According to the Big Bang theory, next there was an explosive outrush of creation, leaping into existence from everywhere to everywhere. Again, this is very faithful language from my perspective. In time the force of gravity began to coalesce the hot and seething chaotic and dark matter into masses that began to glow. (Now, science fundamentalists, give me some license here as I’m trying to cover great leaps of time in a few words, and faith fundamentalists, I ask the same grace from you as I’m trying to distill centuries of theology into a few pithy sentences as well to make a point.) In verse three of Genesis 1 this is elegantly, poetically described in the paragraph beginning, “And God said, ‘Let there be light,’ and there was light.” Galaxies and stars formed, separating the light from the darkness, the light of creation that the Hubble Space Telescope may now be able to see following the fourth repair mission. What a stirring opportunity, to see the first light described in Genesis 3, to see the separation of light and dark. Genesis 3 poetically sums up the vast sweep of time involved in the simple and easily understood sentence, “And there was evening, and there was morning—the first day.” Scientists, I challenge you to come up with a sentence that so eloquently and simply imparts this complex idea.
Scientists, yes, I grant you that the sequence of the origin of life on earth in Genesis 1: 9-23 does not follow the order of evolutionary development as we understand it today. So, give ‘em a break, they were writing around 1440 B.C. for heaven’s sake! How well do you think today’s understanding will hold up roughly 3,000 years from now? After all, you keep tweaking the story you present daily as new discoveries arise (that’s not a critique—I think the discoveries are wonderful—just perspective … which is desperately needed these days). This author, or these authors (depending on what you believe), was (or were) inspired by God with an explanation that fit the time and understanding of the people receiving it. You really don’t think people 3,000 years ago would grasp what you know today do you? If God granted you a glimpse of state of the art science 3,000 years in our future, how much of it do you think you’d understand (be honest now and put aside hubris before you answer)? The point is, first there are plants, then animals, then eventually people. The basic sequence is correct with the one reversal of land life preceding sea life. Given the antiquity of the document, I’d say that’s pretty good.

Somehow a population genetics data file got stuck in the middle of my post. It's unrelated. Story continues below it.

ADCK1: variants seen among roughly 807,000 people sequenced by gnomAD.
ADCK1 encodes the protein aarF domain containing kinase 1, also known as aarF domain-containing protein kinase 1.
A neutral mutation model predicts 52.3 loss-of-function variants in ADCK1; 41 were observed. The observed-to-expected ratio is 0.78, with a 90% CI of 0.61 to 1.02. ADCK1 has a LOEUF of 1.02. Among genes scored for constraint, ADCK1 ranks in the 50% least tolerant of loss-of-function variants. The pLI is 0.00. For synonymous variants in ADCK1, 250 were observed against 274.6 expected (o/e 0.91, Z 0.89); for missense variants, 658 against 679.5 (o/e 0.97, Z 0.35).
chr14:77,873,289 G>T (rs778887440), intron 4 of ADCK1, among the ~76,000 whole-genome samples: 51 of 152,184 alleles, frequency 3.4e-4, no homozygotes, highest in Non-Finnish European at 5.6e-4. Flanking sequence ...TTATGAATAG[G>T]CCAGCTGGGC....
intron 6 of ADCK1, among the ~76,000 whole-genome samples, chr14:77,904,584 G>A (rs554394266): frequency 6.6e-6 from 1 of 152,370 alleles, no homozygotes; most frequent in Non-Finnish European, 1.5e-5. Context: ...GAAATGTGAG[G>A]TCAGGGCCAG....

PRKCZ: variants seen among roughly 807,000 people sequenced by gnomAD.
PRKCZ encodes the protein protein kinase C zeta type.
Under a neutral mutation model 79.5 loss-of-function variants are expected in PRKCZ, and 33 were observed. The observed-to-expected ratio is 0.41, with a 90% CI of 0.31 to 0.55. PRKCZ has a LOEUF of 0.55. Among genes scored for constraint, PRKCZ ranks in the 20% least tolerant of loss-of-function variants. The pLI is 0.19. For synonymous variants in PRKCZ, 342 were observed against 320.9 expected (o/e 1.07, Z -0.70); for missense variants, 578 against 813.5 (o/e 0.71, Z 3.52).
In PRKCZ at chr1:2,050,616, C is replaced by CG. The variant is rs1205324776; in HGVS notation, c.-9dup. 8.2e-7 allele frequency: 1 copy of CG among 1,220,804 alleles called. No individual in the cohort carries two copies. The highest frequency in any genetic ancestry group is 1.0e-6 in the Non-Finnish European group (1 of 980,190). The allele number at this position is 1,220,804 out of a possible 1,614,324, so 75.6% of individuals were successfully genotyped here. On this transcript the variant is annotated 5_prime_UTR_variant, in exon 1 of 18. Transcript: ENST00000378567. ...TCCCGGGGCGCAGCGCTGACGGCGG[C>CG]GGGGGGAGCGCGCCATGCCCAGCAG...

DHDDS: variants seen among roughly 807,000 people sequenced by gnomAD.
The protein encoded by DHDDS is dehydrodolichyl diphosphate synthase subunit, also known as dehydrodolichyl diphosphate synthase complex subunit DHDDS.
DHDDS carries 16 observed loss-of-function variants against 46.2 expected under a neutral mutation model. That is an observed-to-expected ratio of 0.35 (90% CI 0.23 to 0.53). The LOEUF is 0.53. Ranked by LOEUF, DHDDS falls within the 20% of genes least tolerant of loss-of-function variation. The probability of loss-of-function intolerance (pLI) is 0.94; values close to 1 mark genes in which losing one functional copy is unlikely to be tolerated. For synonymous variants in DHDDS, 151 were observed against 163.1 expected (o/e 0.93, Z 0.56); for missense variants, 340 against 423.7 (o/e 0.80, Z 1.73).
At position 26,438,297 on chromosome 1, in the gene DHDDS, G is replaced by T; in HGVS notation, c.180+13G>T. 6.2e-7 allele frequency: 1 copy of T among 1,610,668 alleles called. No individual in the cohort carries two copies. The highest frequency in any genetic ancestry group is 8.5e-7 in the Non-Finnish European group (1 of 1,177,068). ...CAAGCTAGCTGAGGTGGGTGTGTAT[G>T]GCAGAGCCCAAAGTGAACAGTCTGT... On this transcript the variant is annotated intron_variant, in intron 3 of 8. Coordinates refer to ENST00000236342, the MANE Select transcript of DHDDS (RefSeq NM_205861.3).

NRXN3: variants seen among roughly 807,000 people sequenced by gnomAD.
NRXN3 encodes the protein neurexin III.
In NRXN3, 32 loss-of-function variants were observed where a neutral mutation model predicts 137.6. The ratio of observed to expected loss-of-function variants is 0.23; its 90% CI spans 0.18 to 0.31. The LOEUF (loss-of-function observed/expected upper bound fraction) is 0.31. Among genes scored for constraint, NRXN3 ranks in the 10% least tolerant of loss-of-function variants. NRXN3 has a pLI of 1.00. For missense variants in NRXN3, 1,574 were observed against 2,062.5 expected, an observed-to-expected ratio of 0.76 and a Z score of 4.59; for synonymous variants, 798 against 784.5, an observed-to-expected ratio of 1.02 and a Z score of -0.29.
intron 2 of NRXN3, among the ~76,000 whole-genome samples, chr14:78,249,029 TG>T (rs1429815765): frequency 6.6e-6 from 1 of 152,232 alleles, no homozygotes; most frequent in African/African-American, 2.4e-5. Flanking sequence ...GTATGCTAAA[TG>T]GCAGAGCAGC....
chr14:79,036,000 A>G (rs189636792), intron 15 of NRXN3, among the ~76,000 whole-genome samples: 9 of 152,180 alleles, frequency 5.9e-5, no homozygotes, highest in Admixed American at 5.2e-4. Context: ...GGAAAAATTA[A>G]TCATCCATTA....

Following the creation of life on land, in the air, and in the sea, humanity shows up. Early humanity is in a state of innocence as described in Genesis 2:8, moving forward to the fateful moment with the tree of knowledge. Take a look at the archaeological record. There was a time when early humanity did not bury their dead. Here was your age of innocence. Here was the time when humanity did not understand mortality, where the heavy burden of the knowledge of life and death was not in us. Then come the first burials, the first understanding that we all are mortal, and the first lament for the passing of someone known and now missed and grieved over. Here is part of the knowledge on the tree of the knowledge of good and evil, part of the knowledge acquired by an evolving human race and captured in narrative terms in the Old Testament to explain how we came to this difficult and long-lamented understanding of our natural condition. Look again at the Genesis narrative from the view of a parent as well. Who among us who have raised children did not wish to extend the age of innocence when our children did not know of their mortality. Who among us parents can blame God for attempting to do the same?
Adventure on to Genesis 4 and you come to a description of the first murder. Note that this murder occurs between an agrarian farming the land and a herdsman raising livestock. Some archaeologists believe that the first acts of large scale organized murder we call warfare occur only after the introduction of agriculture, once there is a specific value to a particular plot of land in a particular spot on the map. Credit goes to the biblical writer(s) who penned this truth long before archaeologists found the evidence to create this hypothesis.